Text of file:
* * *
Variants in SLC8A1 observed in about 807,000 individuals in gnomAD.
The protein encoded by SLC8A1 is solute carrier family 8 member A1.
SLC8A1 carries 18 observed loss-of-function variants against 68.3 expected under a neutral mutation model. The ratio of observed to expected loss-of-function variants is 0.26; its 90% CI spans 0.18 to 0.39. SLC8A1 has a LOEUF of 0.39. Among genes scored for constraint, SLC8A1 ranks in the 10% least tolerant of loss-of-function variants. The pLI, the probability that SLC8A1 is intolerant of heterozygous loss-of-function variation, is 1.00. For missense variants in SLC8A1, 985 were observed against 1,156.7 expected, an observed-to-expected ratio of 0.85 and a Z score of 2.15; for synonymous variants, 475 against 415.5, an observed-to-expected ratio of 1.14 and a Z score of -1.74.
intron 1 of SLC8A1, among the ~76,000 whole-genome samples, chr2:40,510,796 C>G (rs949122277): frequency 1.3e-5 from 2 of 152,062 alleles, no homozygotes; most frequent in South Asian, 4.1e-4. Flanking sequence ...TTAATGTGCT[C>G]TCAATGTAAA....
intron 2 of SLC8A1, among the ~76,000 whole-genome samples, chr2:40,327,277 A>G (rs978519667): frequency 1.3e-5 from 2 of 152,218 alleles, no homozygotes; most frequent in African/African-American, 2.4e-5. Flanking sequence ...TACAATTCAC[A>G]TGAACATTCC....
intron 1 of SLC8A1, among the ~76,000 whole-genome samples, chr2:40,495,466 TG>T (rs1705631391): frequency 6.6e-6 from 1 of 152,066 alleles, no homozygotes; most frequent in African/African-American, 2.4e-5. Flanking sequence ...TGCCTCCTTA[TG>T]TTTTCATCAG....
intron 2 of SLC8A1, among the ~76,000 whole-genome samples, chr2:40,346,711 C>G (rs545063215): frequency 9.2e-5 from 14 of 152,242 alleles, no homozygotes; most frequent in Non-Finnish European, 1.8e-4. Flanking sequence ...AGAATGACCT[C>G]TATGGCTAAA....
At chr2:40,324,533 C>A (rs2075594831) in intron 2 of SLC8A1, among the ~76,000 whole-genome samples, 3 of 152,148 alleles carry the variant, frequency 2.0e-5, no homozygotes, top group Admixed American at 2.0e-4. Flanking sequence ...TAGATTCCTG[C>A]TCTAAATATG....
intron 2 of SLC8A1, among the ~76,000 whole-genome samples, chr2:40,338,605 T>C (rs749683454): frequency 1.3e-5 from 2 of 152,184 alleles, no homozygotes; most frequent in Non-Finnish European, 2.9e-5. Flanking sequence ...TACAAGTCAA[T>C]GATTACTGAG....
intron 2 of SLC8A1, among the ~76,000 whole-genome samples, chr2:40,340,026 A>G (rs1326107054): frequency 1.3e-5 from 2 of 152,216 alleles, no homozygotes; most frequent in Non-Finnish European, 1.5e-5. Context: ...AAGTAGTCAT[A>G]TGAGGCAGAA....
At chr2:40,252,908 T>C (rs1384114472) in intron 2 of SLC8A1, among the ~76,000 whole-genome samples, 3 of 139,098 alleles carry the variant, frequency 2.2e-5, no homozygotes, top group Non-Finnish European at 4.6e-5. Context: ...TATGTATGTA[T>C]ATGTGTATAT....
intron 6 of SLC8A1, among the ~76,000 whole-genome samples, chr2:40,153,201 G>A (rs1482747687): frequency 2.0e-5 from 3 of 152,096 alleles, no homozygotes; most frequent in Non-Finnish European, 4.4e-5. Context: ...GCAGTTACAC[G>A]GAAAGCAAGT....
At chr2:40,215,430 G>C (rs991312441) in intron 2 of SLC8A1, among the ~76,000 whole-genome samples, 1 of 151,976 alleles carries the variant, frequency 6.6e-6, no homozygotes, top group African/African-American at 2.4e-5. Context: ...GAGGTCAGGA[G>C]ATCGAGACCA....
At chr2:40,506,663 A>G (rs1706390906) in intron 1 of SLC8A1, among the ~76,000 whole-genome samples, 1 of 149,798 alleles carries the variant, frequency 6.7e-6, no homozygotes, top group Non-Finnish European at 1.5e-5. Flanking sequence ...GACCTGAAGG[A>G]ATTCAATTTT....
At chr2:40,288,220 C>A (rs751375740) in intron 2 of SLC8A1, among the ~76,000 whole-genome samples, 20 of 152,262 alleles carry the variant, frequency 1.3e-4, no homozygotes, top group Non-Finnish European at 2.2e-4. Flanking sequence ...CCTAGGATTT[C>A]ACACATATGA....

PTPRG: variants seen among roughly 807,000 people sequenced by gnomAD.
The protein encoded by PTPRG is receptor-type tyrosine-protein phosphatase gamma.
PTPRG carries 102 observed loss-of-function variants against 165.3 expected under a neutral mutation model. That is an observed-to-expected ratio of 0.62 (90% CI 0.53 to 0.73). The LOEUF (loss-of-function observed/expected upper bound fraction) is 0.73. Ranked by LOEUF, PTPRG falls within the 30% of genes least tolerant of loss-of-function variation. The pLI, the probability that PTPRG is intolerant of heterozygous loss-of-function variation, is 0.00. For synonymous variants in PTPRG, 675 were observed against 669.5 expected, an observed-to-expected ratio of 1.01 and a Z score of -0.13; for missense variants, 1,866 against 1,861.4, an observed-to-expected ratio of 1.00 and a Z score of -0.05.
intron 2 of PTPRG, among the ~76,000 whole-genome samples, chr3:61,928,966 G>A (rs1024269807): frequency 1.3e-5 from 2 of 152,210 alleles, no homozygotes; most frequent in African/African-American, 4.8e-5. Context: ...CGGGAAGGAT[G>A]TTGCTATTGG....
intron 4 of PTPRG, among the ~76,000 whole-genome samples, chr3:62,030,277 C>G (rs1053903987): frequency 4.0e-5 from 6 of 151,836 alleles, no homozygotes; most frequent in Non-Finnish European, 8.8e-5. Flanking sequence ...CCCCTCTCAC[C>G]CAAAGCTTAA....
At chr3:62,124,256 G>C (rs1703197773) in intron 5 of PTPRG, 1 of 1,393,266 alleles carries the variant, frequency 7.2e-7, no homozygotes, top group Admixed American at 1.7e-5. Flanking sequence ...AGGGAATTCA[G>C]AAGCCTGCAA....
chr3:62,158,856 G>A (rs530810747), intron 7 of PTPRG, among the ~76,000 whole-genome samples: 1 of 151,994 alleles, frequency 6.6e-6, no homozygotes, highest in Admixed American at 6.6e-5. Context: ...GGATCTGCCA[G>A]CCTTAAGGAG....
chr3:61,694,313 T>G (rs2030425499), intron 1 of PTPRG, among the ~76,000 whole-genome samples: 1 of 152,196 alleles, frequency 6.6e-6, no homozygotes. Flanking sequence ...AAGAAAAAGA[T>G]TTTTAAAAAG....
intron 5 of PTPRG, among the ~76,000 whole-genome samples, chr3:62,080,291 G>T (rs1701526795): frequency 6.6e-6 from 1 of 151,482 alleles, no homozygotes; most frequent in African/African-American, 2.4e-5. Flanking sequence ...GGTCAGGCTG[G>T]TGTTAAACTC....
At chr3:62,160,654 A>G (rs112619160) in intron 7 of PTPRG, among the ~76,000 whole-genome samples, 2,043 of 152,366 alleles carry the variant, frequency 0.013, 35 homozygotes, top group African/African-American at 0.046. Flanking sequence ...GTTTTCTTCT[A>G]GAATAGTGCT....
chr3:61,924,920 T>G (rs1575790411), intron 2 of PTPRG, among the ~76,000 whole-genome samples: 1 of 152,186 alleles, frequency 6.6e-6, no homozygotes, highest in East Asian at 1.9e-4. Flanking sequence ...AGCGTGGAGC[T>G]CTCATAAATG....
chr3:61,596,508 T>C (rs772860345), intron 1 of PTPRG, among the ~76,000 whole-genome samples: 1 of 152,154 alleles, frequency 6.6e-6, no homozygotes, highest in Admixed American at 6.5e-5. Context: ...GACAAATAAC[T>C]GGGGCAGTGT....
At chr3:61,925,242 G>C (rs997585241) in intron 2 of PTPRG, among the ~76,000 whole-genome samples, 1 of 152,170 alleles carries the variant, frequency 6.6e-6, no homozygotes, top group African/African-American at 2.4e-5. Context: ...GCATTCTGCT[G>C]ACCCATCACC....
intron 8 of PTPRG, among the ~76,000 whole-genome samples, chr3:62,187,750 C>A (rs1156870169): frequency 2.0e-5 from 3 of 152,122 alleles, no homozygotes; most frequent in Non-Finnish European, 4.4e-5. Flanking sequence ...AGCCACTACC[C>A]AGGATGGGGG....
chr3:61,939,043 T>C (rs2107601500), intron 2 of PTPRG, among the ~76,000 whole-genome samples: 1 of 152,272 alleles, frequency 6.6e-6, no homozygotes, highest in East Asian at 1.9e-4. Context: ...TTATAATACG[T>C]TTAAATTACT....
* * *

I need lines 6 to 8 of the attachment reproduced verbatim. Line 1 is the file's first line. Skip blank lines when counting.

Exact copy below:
intron 1 of SLC8A1, among the ~76,000 whole-genome samples, chr2:40,495,466 TG>T (rs1705631391): frequency 6.6e-6 from 1 of 152,066 alleles, no homozygotes; most frequent in African/African-American, 2.4e-5. Flanking sequence ...TGCCTCCTTA[TG>T]TTTTCATCAG....
intron 2 of SLC8A1, among the ~76,000 whole-genome samples, chr2:40,346,711 C>G (rs545063215): frequency 9.2e-5 from 14 of 152,242 alleles, no homozygotes; most frequent in Non-Finnish European, 1.8e-4. Flanking sequence ...AGAATGACCT[C>G]TATGGCTAAA....
At chr2:40,324,533 C>A (rs2075594831) in intron 2 of SLC8A1, among the ~76,000 whole-genome samples, 3 of 152,148 alleles carry the variant, frequency 2.0e-5, no homozygotes, top group Admixed American at 2.0e-4. Flanking sequence ...TAGATTCCTG[C>A]TCTAAATATG....